I talked yesterday with David Miller, my literary agent and friend. David is the first reader of my drafts (my wife is the first listener) because he has a wonderful head for structure and flow, he understands how books work as an experience for readers as well as how ideas develop in them, he cares about the quality of the book first and foremost, and he’s frank.
David has read drafts of the first two chapters and does not think I have to throw them out entirely. They need more narrative connection and more examples (Examples, my old nemesis. We meet again). And, David suggests, they need a prologue or preface that will set up the book’s problem. David says it needs something like the distinction between the kitchen’s silverware drawer and its miscellaneous drawer in Everything Is Miscellaneous, which gave the reader an easy way of formulating the issue in her mind.
The challenge, of course, is figuring out what that central issue is. I’ve thrashed among several alternatives, each of which would provide a different way of structuring the book. If the book is about the problem that there’s too much to know (which is, after all, the title), then the preface should illustrate that point. If it’s about the growth of networked expertise, then I should present a contrast between the old and new ways of being an expert. If it’s about the restructuring of knowledge, then the preface should give an example of traditional knowledge and new knowledge. If it’s about the socializing of knowledge, then … etc., etc.
I have three times in the past month given a 10-15 minute talk that has gone over pretty well, and that could serve as a setup. It starts with the data-information-knowledge-wisdom pyramid, gives its history, and critiques it on a couple of grounds. It ends by saying that the real problem with it is that it continues our traditional strategy for knowing a world that is too big to know: reducing the field of what’s to be known. But, in a networked world, not only do we have tools available that handle far greater capacity, all that’s available to be known is visible. (I’ve written about this here and here.) The old reductive strategy just isn’t enough any more. I like this way of setting it up, but I agree with David Miller that it still needs a preface, if only because the DIKW pyramid is not as well known as I think it is.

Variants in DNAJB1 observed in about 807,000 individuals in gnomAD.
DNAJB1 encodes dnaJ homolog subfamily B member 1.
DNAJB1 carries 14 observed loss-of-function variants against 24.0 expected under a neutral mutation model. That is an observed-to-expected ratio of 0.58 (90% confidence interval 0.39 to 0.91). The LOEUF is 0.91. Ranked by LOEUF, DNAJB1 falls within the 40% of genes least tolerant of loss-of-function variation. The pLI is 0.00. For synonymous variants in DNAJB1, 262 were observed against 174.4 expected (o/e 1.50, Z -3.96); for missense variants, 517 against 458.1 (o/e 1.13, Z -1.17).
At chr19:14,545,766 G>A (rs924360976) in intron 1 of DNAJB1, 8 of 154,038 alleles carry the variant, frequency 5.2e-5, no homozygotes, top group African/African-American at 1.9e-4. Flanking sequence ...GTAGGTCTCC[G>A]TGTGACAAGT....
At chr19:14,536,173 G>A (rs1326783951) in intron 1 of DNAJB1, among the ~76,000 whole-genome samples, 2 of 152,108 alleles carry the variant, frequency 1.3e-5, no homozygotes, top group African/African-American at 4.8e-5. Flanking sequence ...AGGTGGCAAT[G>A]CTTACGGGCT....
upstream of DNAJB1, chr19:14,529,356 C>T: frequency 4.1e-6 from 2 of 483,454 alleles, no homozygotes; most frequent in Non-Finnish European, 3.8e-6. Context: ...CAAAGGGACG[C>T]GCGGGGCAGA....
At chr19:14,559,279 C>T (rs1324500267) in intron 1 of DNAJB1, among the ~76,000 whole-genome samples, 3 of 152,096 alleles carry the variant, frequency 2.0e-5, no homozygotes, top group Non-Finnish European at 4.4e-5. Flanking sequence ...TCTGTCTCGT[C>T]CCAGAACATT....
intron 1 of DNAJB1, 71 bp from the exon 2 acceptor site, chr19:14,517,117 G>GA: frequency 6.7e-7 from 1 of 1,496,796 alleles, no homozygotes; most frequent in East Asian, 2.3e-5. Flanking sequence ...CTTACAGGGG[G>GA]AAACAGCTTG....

So, I’ve been thinking that I’ll begin it with the contrast between two cases: Darwin unearthing a stubborn fact about barnacles, and the uses Hunch.com wrings out of an endless series of answers to trivial questions about your preferences and experiences. (I had the chance to interview Caterina Fake for an hour last week.) The contrast is between the small world of hard-won facts, and the endless world of tiny, easy facts — nonce facts? — jotted down at 12 per minute. I want the reader to see not only that there are many more facts now, but that the basic role and structuring of facts (and knowledge) have changed.
I’m not convinced Darwin vs. Hunch is the right contrast to draw. My book is not about promoting the particular way of knowing that Hunch.com uses. The book is not about algorithmic combing of huge databases. That’s just one technique for dealing with a knowledge overflow. I’m more interested in the fact that we generate the knowledge overflow, and change our ideas about what a fact is, because we’re now able to do something with facts much smaller than they used to be. So, I have to try to keep the reader from thinking that this is a book about learning without models or about the virtues of massive databases. But, I won’t know how it goes until I write it.
(Why Darwin on barnacles? Mainly because I want to begin with a snarky remark about Thoreau from a comment he made in 1852, which is when Darwin was working on barnacles, busy postponing publishing his evolutionary theory.)